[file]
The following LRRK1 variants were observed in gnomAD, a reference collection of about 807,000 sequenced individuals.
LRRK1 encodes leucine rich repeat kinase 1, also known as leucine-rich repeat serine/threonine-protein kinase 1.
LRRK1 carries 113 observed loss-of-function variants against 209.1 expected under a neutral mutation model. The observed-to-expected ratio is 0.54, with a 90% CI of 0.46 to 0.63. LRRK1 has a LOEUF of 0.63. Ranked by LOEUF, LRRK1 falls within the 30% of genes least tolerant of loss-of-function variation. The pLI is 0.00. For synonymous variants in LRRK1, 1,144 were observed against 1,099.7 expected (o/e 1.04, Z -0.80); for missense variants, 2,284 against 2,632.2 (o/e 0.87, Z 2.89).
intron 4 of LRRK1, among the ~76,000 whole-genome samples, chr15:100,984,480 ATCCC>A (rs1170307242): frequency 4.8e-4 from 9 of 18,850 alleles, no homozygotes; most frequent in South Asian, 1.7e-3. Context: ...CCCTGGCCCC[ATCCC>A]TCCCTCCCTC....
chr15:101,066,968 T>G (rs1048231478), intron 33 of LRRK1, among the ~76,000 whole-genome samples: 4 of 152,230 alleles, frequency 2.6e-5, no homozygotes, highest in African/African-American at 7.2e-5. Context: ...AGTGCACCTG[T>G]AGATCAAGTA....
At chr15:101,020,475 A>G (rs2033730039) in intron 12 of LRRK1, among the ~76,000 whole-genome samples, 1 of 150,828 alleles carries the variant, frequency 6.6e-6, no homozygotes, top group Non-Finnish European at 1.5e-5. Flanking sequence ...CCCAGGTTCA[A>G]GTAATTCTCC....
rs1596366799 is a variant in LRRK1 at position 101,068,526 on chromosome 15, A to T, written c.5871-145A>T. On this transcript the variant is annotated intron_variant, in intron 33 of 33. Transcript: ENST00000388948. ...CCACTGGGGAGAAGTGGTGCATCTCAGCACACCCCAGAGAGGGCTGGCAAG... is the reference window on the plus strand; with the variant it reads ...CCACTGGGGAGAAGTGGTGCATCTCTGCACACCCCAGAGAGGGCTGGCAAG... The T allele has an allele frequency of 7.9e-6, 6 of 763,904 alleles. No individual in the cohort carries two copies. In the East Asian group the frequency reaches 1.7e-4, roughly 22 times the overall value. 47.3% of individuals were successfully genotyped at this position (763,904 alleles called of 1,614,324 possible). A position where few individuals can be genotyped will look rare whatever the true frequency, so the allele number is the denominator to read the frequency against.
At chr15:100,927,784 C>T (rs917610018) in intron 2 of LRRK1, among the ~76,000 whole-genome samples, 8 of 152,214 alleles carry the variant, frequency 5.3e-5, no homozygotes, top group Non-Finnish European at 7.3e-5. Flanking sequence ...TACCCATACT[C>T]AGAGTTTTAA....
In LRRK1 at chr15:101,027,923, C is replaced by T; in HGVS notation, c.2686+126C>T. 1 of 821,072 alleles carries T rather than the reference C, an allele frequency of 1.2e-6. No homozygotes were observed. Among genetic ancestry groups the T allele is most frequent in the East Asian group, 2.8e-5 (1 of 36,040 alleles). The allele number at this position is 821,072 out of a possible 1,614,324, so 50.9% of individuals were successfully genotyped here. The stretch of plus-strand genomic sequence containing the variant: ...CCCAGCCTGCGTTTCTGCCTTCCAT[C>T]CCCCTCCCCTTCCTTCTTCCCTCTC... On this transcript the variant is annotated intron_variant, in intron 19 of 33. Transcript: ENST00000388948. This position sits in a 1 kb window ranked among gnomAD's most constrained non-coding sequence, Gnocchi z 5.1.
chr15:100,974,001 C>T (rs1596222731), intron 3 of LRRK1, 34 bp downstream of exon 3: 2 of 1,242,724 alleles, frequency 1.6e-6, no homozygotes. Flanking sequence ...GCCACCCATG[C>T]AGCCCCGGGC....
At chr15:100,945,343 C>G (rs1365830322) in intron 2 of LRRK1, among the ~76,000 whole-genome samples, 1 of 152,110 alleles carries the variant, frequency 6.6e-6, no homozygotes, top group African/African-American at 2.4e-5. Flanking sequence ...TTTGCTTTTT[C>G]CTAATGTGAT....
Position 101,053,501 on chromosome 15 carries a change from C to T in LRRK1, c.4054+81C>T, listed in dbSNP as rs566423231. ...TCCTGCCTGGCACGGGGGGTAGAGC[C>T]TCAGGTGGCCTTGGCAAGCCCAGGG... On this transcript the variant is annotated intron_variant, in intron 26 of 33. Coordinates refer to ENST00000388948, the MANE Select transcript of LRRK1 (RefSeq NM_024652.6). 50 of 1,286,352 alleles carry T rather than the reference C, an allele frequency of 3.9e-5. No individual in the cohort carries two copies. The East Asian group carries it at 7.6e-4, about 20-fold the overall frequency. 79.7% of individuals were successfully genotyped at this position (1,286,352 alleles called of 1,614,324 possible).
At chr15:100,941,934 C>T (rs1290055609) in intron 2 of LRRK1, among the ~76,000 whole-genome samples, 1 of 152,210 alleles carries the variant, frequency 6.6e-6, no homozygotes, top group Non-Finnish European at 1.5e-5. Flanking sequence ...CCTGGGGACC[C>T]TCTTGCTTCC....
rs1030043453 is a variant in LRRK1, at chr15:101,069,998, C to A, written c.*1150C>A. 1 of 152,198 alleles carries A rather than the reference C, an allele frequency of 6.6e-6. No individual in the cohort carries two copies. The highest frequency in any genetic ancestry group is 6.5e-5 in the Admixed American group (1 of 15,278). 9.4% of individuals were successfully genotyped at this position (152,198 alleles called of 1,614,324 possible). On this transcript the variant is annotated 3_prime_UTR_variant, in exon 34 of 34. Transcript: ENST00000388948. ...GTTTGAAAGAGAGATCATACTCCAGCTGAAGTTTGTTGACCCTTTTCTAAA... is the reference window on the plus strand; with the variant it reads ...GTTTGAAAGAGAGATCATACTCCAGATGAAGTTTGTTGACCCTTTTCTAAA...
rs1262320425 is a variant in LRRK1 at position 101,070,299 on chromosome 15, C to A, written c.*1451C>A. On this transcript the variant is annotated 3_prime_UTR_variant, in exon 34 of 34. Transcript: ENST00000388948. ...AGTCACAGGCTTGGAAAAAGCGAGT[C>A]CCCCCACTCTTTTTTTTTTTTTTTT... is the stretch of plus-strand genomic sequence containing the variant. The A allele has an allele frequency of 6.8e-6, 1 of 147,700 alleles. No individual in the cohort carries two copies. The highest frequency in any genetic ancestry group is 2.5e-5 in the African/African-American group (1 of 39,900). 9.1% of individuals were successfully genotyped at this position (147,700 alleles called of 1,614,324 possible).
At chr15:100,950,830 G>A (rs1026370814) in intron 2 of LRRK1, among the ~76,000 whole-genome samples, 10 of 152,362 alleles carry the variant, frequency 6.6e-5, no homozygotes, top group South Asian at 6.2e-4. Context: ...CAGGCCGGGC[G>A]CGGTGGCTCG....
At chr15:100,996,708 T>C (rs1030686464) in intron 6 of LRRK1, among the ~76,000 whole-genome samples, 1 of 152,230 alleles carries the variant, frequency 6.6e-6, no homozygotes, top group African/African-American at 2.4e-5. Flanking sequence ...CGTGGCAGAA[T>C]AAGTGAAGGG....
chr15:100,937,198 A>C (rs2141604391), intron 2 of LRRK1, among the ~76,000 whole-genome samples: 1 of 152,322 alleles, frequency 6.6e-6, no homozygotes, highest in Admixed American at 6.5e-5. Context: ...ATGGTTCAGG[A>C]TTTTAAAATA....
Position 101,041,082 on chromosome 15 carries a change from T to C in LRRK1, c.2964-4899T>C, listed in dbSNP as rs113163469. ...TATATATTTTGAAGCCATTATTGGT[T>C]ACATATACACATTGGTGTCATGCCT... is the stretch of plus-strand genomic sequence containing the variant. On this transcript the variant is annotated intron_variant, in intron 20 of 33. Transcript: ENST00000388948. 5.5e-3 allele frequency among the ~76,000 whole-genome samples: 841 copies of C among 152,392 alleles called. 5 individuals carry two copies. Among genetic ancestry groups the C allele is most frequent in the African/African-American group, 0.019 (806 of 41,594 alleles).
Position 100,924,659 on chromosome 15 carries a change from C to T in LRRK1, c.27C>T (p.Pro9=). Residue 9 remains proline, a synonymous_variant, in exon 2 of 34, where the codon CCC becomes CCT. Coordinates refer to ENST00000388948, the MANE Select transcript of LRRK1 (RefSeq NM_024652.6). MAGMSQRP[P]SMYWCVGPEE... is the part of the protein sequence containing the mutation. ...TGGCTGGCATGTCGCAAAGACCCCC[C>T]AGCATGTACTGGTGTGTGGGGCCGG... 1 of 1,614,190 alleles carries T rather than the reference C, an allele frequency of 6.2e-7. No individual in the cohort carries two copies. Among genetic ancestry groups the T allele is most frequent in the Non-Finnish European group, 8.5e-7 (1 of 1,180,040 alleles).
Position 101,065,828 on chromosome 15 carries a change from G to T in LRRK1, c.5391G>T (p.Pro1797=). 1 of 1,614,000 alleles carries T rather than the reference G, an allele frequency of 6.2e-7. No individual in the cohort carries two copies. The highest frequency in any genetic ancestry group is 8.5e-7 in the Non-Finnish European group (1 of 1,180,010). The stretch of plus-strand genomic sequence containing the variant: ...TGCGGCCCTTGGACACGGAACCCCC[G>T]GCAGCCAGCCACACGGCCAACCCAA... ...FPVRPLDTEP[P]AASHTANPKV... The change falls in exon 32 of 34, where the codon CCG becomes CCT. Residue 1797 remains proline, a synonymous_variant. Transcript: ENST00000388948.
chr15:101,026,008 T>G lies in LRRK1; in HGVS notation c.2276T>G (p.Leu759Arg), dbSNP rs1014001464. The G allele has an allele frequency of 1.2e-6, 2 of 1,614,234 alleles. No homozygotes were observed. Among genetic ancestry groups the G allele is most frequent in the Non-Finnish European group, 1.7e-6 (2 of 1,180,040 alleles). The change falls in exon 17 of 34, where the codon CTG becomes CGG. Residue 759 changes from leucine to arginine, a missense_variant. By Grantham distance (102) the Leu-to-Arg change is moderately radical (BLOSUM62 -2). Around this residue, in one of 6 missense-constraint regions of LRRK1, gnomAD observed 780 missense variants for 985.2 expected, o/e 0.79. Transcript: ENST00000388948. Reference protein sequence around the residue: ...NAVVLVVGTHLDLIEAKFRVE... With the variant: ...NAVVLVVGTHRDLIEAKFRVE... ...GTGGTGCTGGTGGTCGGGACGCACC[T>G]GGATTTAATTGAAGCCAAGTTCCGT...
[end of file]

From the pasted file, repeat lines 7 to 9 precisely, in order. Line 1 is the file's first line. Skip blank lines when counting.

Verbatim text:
rs1596366799 is a variant in LRRK1 at position 101,068,526 on chromosome 15, A to T, written c.5871-145A>T. On this transcript the variant is annotated intron_variant, in intron 33 of 33. Transcript: ENST00000388948. ...CCACTGGGGAGAAGTGGTGCATCTCAGCACACCCCAGAGAGGGCTGGCAAG... is the reference window on the plus strand; with the variant it reads ...CCACTGGGGAGAAGTGGTGCATCTCTGCACACCCCAGAGAGGGCTGGCAAG... The T allele has an allele frequency of 7.9e-6, 6 of 763,904 alleles. No individual in the cohort carries two copies. In the East Asian group the frequency reaches 1.7e-4, roughly 22 times the overall value. 47.3% of individuals were successfully genotyped at this position (763,904 alleles called of 1,614,324 possible). A position where few individuals can be genotyped will look rare whatever the true frequency, so the allele number is the denominator to read the frequency against.
At chr15:100,927,784 C>T (rs917610018) in intron 2 of LRRK1, among the ~76,000 whole-genome samples, 8 of 152,214 alleles carry the variant, frequency 5.3e-5, no homozygotes, top group Non-Finnish European at 7.3e-5. Flanking sequence ...TACCCATACT[C>T]AGAGTTTTAA....
In LRRK1 at chr15:101,027,923, C is replaced by T; in HGVS notation, c.2686+126C>T. 1 of 821,072 alleles carries T rather than the reference C, an allele frequency of 1.2e-6. No homozygotes were observed. Among genetic ancestry groups the T allele is most frequent in the East Asian group, 2.8e-5 (1 of 36,040 alleles). The allele number at this position is 821,072 out of a possible 1,614,324, so 50.9% of individuals were successfully genotyped here. The stretch of plus-strand genomic sequence containing the variant: ...CCCAGCCTGCGTTTCTGCCTTCCAT[C>T]CCCCTCCCCTTCCTTCTTCCCTCTC... On this transcript the variant is annotated intron_variant, in intron 19 of 33. Transcript: ENST00000388948. This position sits in a 1 kb window ranked among gnomAD's most constrained non-coding sequence, Gnocchi z 5.1.